Endlessly and unquestionably supportive of me in every other facet of my life, my parents have always adamantly opposed my lifelong passion for ‘donor-cycles,’ as they refer to them. Much to their chagrin, when I was 25 years old I insubordinately came home with my first motorcycle, resulting in my Mother crying and my Dad yelling until he was blue in the face. So imagine my surprise when my old man swung a leg over my motorcycle one Saturday afternoon and asked about how he could go about getting his license after a 30-plus year hiatus from the hobby. Back when he rode his buddy’s old Triumph, one didn’t even require either a license or a helmet. Aviator sunglasses and sideburns were optional. And awesome.
Busy raising a family and keeping the skies safe as an Air Traffic Controller at Pearson International Airport for 38 years, ‘Bear’ as he is affectionately known, was recently retired and had some extra time on his hands. Also a pilot and former sports car owner, the two of us share the same intrinsic gravitational attraction to anything with an engine that makes noise and goes fast. After signing up for the same Gearing Up program at Humber College that I had completed years earlier and picking up some gear at Jacox Harley-Davidson, we arranged our first ride aboard a Springer CVO (Custom Vehicle Operations) and a Road Glide to attend the Friday the 13th festivities in Port Dover, Ontario. An event that encapsulates the biker lifestyle, it was far enough from Mississauga to be an adventure but not far enough to be daunting to a new rider. Again.
According to pd13.com, Chris Simons, who owned a bike shop in Port Dover called Biker’s Delight, congregated with a group of friends in the small town one night in 1981 at what was then known as the Commercial Hotel. It also happened to be Friday November the 13th. As legend has it, they had such a good time they decided it should be repeated the next Friday the 13th. The rest, as they say, is history. 34 years later and the event is still getting bigger every year, much to the chagrin of some locals and the elation of many others.
Setting off early in the morning, I let Bear lead and go at his own pace. I was impressed by his smooth riding style considering he hadn’t ridden regularly in nearly four decades – especially on a bike of the Road Glide’s stature. Although understandably cautious at first, his confidence quickly grew to the point where it seemed as if he had never stopped riding at all.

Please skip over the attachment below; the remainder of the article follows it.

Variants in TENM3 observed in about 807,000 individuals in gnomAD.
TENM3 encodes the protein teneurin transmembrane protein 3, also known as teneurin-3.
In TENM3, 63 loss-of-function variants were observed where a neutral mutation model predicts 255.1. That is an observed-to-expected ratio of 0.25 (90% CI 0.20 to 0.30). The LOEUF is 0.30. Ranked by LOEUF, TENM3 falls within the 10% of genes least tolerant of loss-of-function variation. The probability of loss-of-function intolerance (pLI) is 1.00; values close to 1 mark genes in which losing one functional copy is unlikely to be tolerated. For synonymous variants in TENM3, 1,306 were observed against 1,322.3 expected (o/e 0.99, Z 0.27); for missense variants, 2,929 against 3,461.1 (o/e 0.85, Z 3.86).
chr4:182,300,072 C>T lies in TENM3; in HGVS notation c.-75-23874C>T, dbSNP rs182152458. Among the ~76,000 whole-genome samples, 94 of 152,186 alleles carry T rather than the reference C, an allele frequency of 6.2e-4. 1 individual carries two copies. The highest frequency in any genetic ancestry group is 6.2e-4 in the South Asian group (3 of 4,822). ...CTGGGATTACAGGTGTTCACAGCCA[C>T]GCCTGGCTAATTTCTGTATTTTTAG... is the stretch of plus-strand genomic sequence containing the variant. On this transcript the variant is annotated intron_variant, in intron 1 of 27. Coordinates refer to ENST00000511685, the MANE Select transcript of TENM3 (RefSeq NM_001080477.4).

Sticking to more scenic and less busy rural roads, we stopped in to the Canadian National Warplane Heritage Museum where he is a member of the revered Lancaster crew – a dedicated group of volunteers from a wide array of backgrounds who keep this flying piece of history in good working order. One of only two left flying in the world, Vera, as she is affectionately known, serves as a tribute to those who selflessly faced near certain death and gave the ultimate sacrifice for the sake of the freedom we enjoy today. There’s something about airplanes and motorcycles that just inherently go together. The speed, the sound, the danger. After showing off the bikes to his fellow fly buddies, we got back onto Highway 6 south towards Caledonia before passing through Hagersville and beyond.
As we approached the normally sleepy town of Port Dover, the number of bikes on the road rose exponentially. Groups and individual riders converged seamlessly like flocks of birds migrating south for the winter. One particularly memorable moment transpired when a small pack of heavily tattooed one percenters noisily slid into formation behind us. I’ll never forget looking back in my mirror to see my old man cruising behind me down Highway 6 comfortably straddling a Hog being followed by several unwashed, but generally well behaved outlaw bikers. He was also smiling from ear to ear.
While most people attend PD13 for the music, beer, bikes and babes, we went mostly for the people watching. The origins of the Friday the 13th debatably may have a small outlaw element, but the reality is that it attracts riders, motorcycles and enthusiasts of all shapes and sizes, none of whom seem to be there to cause unnecessary trouble. The majority of bikes are cruisers, but there seemed to be a growing sportbike contingent as well as several brave souls who parked their diminutive scooters among the sea of larger bikes.
While he was anticipating an eclectic crowd, I don’t think Bear was necessarily prepared for the amount of silicone and skin he saw. For those uninitiated into the workings of PD13, seeing Thong Man is something of a rite of passage. Rocking a different banana hammock at each iteration of the event no matter the climate conditions or time of year, the weathered and confident old gent is something of a celebrity at these proceedings although I can’t imagine what he does for the rest of the year.
After spending the afternoon touring the city streets, checking out the bikes and taking in the other various ‘scenery’ we were ready to head homeward bound. Been there, done that, bought the t-shirt.
No drug I have tried, legal or otherwise, has compared to that kind of natural, calming and euphoric high that motorcycling provides. This feeling of pure, unadulterated freedom is what I could never get my parents to understand. Embracing that joy is what separates those who ride and those who don’t. As the famous saying goes, “If I have to explain it, you wouldn’t understand.” I’m glad I no longer have to try to explain it to Dad and he has at least partly embraced the experience. I am also looking forward to heading down to Port Dover this November for the next Friday the 13th.